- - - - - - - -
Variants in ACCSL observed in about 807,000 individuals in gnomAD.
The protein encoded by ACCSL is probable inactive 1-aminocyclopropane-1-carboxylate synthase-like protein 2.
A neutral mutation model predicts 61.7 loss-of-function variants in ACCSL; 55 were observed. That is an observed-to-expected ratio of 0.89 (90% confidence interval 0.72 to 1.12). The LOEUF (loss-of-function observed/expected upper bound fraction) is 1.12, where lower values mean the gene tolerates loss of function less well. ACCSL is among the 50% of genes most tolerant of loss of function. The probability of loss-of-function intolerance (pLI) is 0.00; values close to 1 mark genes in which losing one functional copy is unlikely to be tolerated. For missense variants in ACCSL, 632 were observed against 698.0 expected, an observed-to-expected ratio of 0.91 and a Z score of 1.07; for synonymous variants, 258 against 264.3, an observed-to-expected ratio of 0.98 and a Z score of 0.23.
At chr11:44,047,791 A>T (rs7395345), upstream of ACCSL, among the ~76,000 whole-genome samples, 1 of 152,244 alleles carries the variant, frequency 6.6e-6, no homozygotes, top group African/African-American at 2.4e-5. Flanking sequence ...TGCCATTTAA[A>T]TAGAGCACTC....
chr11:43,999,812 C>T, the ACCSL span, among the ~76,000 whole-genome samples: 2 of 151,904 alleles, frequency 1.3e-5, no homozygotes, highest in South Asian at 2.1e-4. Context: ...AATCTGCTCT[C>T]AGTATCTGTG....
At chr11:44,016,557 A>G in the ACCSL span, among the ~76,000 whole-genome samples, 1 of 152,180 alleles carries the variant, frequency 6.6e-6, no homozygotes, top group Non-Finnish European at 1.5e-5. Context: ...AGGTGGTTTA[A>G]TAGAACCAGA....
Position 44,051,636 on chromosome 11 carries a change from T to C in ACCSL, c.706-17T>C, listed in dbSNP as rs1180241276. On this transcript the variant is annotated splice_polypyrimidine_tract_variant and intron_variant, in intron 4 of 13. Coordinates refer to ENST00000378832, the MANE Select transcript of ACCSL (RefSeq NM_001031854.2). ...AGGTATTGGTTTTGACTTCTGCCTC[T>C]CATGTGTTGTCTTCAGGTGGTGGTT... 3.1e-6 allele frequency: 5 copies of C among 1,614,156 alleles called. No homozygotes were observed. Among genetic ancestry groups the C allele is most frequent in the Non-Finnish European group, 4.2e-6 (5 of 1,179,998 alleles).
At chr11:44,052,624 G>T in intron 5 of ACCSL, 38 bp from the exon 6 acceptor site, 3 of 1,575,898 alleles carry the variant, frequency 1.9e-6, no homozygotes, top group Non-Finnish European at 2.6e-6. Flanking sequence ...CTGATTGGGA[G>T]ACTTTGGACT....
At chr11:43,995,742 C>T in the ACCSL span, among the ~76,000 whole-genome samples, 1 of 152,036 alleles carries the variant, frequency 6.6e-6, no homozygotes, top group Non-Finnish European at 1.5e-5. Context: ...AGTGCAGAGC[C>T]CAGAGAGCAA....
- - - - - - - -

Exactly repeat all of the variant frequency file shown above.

Variants in ACCSL observed in about 807,000 individuals in gnomAD.
The protein encoded by ACCSL is probable inactive 1-aminocyclopropane-1-carboxylate synthase-like protein 2.
A neutral mutation model predicts 61.7 loss-of-function variants in ACCSL; 55 were observed. That is an observed-to-expected ratio of 0.89 (90% confidence interval 0.72 to 1.12). The LOEUF (loss-of-function observed/expected upper bound fraction) is 1.12, where lower values mean the gene tolerates loss of function less well. ACCSL is among the 50% of genes most tolerant of loss of function. The probability of loss-of-function intolerance (pLI) is 0.00; values close to 1 mark genes in which losing one functional copy is unlikely to be tolerated. For missense variants in ACCSL, 632 were observed against 698.0 expected, an observed-to-expected ratio of 0.91 and a Z score of 1.07; for synonymous variants, 258 against 264.3, an observed-to-expected ratio of 0.98 and a Z score of 0.23.
At chr11:44,047,791 A>T (rs7395345), upstream of ACCSL, among the ~76,000 whole-genome samples, 1 of 152,244 alleles carries the variant, frequency 6.6e-6, no homozygotes, top group African/African-American at 2.4e-5. Flanking sequence ...TGCCATTTAA[A>T]TAGAGCACTC....
chr11:43,999,812 C>T, the ACCSL span, among the ~76,000 whole-genome samples: 2 of 151,904 alleles, frequency 1.3e-5, no homozygotes, highest in South Asian at 2.1e-4. Context: ...AATCTGCTCT[C>T]AGTATCTGTG....
At chr11:44,016,557 A>G in the ACCSL span, among the ~76,000 whole-genome samples, 1 of 152,180 alleles carries the variant, frequency 6.6e-6, no homozygotes, top group Non-Finnish European at 1.5e-5. Context: ...AGGTGGTTTA[A>G]TAGAACCAGA....
Position 44,051,636 on chromosome 11 carries a change from T to C in ACCSL, c.706-17T>C, listed in dbSNP as rs1180241276. On this transcript the variant is annotated splice_polypyrimidine_tract_variant and intron_variant, in intron 4 of 13. Coordinates refer to ENST00000378832, the MANE Select transcript of ACCSL (RefSeq NM_001031854.2). ...AGGTATTGGTTTTGACTTCTGCCTC[T>C]CATGTGTTGTCTTCAGGTGGTGGTT... 3.1e-6 allele frequency: 5 copies of C among 1,614,156 alleles called. No homozygotes were observed. Among genetic ancestry groups the C allele is most frequent in the Non-Finnish European group, 4.2e-6 (5 of 1,179,998 alleles).
At chr11:44,052,624 G>T in intron 5 of ACCSL, 38 bp from the exon 6 acceptor site, 3 of 1,575,898 alleles carry the variant, frequency 1.9e-6, no homozygotes, top group Non-Finnish European at 2.6e-6. Flanking sequence ...CTGATTGGGA[G>T]ACTTTGGACT....
At chr11:43,995,742 C>T in the ACCSL span, among the ~76,000 whole-genome samples, 1 of 152,036 alleles carries the variant, frequency 6.6e-6, no homozygotes, top group Non-Finnish European at 1.5e-5. Context: ...AGTGCAGAGC[C>T]CAGAGAGCAA....